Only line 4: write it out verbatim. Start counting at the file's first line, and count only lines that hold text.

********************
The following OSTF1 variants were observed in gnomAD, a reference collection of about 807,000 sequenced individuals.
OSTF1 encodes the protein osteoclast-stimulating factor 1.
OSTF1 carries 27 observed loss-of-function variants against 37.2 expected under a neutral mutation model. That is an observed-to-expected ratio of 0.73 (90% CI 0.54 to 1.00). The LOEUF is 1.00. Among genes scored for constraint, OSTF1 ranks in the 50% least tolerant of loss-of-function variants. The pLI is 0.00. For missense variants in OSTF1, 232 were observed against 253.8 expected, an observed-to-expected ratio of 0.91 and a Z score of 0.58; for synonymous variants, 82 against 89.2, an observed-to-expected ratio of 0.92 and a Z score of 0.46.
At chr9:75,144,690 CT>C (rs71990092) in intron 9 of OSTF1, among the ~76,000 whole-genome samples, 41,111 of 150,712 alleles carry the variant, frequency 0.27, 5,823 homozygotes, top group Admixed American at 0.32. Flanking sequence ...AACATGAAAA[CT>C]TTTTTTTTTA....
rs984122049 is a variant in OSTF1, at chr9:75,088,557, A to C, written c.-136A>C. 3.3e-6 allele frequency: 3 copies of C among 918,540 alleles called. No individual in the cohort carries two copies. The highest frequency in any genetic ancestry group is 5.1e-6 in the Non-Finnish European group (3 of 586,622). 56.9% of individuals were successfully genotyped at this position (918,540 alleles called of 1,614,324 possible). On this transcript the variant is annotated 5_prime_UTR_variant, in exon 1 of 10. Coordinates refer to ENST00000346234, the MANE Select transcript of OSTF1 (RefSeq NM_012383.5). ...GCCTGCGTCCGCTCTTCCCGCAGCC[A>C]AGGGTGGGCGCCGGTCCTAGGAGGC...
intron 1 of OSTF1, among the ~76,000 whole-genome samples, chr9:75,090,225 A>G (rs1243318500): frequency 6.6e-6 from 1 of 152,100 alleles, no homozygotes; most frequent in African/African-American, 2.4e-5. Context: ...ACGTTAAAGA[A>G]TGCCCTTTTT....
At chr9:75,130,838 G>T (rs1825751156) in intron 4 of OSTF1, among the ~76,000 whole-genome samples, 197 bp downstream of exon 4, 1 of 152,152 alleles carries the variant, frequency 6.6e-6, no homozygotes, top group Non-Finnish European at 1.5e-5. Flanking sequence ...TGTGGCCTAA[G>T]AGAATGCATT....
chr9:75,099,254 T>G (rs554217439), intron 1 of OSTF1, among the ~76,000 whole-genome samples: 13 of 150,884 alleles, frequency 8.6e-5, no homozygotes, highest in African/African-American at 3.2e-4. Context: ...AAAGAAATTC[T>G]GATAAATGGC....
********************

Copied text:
At chr9:75,144,690 CT>C (rs71990092) in intron 9 of OSTF1, among the ~76,000 whole-genome samples, 41,111 of 150,712 alleles carry the variant, frequency 0.27, 5,823 homozygotes, top group Admixed American at 0.32. Flanking sequence ...AACATGAAAA[CT>C]TTTTTTTTTA....